skip to content
Government of Western Australia - Department of Fisheries
Wednesday 18 August 2021

Fishing licence fees help find ways to reduce shark bite-offs

    • ​Deterrent devices for fishing lines reduced shark depredation by almost two-thirds
    • Research found sharks arrive within 15-30 minutes of fishing commencing, so moving spots regularly will also help decrease shark bite-offs
    • First-of-its-kind study funded by WA recreational licence fees

Fisheries Minister Don Punch today announced some of the early findings from recent Department of Primary Industries and Regional Development (DPIRD) research which found some deterrent devices are effective in reducing shark depredation. The research was funded by recreational licence fees.

The three deterrent devices tested did not stop shark depredation occurring in each instance but the probability of fish lost to sharks was significantly lower when deterrents were used.

The effectiveness of the deterrents was also influenced by the number of competing sharks.

Scientists from DPIRD began the study by seeking feedback from fishers through a phone and online survey. Results of that survey indicated that the main way anglers avoided bite-offs was by moving fishing spots or simply pausing fishing.

The survey also revealed fishers mitigate shark bite-offs by employing mitigation measures such as rapid retrieval, heavier fishing line, electric reels, avoiding the use of burley or baits and not dumping fish offal. This is the first study to document the different methods fishers are using.

Researchers chose waters off Exmouth and the Montebello Islands to test the devices, not only because they are important recreational fishing destinations but because north-west Western Australia has reported increasing occurrences of shark depredation in the past 10 years.

Three devices - the magnetic Sharkbanz (or Sentry), electronic Ocean Guardian (Fish01) and acoustic SharkStopper - were tested against a control of using no deterrents, with cameras attached to the fishing lines to capture the underwater action.

  A sliteye shark attempting to depredate a black snapper

The probability of sharks taking fish was reduced by 65 per cent when using deterrents compared to when not using those deterrents. Footage of large cod biting fish from lines was also captured.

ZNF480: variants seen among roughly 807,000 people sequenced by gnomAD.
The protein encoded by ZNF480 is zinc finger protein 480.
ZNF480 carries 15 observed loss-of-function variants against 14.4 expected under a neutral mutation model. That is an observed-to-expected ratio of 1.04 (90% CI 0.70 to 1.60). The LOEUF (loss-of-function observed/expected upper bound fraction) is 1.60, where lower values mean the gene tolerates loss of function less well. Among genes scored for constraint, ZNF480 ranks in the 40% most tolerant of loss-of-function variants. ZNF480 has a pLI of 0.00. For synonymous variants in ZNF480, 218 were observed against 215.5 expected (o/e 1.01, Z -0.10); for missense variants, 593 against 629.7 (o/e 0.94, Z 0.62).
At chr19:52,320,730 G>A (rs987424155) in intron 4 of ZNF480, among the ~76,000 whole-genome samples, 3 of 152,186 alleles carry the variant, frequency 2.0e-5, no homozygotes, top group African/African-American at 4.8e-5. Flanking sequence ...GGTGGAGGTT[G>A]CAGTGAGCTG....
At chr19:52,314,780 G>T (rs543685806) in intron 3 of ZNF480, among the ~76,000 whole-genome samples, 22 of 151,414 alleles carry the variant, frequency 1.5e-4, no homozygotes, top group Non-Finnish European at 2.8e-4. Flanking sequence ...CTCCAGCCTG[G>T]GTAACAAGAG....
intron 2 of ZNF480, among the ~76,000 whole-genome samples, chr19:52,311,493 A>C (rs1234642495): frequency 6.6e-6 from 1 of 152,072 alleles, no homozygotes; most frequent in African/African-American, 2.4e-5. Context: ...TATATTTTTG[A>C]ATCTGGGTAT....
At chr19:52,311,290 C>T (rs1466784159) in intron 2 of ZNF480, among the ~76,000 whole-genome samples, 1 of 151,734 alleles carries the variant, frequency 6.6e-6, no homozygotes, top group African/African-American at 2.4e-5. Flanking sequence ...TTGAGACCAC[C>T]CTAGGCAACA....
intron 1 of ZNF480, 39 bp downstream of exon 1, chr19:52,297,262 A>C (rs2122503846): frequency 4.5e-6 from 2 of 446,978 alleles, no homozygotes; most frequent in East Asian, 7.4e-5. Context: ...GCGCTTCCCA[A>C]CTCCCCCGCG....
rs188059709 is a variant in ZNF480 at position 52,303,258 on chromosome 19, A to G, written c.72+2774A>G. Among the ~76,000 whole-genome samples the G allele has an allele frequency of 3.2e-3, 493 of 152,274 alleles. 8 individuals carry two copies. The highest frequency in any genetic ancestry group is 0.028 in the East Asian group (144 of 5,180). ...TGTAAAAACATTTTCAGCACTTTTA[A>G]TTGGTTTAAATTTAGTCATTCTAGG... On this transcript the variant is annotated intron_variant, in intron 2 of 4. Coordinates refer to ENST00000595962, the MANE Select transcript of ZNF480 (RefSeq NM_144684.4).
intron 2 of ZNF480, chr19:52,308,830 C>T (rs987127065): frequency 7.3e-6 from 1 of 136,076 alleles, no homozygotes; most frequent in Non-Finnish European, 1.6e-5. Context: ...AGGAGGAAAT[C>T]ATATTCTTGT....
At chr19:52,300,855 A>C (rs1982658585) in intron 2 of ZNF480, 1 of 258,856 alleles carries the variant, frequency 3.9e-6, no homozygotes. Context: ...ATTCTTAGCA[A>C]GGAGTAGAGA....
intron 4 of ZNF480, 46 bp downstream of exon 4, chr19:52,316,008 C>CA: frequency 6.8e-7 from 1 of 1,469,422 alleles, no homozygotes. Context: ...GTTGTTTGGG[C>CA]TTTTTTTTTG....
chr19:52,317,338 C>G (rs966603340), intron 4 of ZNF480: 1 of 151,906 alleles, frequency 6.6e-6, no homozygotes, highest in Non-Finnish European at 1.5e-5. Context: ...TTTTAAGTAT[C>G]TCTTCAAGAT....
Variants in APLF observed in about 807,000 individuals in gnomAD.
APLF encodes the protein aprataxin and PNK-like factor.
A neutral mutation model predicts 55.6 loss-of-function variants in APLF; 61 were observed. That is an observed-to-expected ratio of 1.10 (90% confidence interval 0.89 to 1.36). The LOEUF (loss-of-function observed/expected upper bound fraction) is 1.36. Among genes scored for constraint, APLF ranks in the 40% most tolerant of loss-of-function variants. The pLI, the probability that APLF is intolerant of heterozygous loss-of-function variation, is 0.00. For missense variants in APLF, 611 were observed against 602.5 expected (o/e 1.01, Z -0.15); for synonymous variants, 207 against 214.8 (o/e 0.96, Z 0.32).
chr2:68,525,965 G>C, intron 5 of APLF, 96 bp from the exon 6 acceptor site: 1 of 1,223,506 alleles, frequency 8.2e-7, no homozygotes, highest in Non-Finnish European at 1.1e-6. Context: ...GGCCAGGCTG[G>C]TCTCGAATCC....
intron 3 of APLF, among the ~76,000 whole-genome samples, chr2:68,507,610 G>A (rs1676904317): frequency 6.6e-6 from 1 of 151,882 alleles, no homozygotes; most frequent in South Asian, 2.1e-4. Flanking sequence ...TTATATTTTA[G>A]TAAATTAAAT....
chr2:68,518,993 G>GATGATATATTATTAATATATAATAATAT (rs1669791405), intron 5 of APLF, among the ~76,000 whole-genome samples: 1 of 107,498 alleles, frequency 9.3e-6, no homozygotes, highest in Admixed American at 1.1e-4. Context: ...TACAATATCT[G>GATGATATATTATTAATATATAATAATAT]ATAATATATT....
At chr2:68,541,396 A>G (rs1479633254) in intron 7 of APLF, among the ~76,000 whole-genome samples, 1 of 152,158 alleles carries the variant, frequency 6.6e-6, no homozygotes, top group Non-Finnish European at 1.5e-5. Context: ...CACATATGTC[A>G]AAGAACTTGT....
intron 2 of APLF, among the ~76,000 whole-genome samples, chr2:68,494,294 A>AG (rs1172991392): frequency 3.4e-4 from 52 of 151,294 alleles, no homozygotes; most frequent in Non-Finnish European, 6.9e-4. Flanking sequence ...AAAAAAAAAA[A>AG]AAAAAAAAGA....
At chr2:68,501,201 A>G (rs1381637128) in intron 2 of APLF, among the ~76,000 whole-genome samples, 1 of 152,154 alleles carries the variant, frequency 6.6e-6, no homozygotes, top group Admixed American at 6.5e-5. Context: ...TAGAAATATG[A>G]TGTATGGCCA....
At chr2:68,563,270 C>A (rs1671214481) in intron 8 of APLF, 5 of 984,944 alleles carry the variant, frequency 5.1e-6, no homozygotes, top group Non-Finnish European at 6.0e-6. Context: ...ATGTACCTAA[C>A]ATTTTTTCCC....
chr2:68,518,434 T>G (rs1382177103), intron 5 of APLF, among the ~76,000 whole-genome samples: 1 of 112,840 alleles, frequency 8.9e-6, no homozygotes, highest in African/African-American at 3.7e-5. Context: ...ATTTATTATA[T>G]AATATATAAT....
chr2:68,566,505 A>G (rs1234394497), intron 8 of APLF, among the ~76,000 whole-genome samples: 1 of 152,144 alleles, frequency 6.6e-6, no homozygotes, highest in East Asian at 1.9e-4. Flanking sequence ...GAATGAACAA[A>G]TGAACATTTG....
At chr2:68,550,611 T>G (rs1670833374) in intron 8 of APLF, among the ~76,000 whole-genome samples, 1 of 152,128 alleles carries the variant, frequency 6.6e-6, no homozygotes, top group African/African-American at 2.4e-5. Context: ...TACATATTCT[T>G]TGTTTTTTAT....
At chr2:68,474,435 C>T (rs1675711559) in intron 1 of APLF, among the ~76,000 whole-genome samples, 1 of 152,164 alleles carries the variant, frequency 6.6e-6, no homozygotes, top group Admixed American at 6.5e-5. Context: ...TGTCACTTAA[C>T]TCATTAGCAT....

Comments attributed to Fisheries Minister Don Punch:

"The McGowan Government is committed to creating safe, accessible, sustainable and enjoyable fishing experiences for all Western Australians.

"Recreational licence fees, which are invested back into the sector, fund projects like this to improve recreational fishing in Western Australia. 

"Conclusions from the scientists indicated deterrent devices were effective in cutting shark depredation rates, but that rate reduced when multiple sharks were competing for catch on the fisher lines, so shifting fishing spots regularly was another simple way to reduce bite-offs.

"I congratulate the DPIRD researchers who worked on the program, led by Doctors Peter Coulson and Gary Jackson. They put recreational licence fees to work to help all of WA's fishers with valuable information to take home more catches."

Minister's office - 6552 6900

Last modified: 18/08/2021 3:41 PM

wa.gov.au

© All contents copyright Government of Western Australia. All rights reserved. ABN: 18 951 343 745

Copyright

© This work is copyright. You may display, print or reproduce this material only in an unaltered format for your personal or non-commercial use, or for use within your organisation. Apart from any use permitted under the Copyright Act 1968, all other rights are reserved.

Disclaimer

The information and advice provided by the Department of Fisheries website is made in good faith and is from sources believed to be reliable and accurate at the time of release onto the website. Changes in circumstances after a document is placed on the website may affect the accuracy of the information. Full disclaimer details are available at www.fish.wa.gov.au.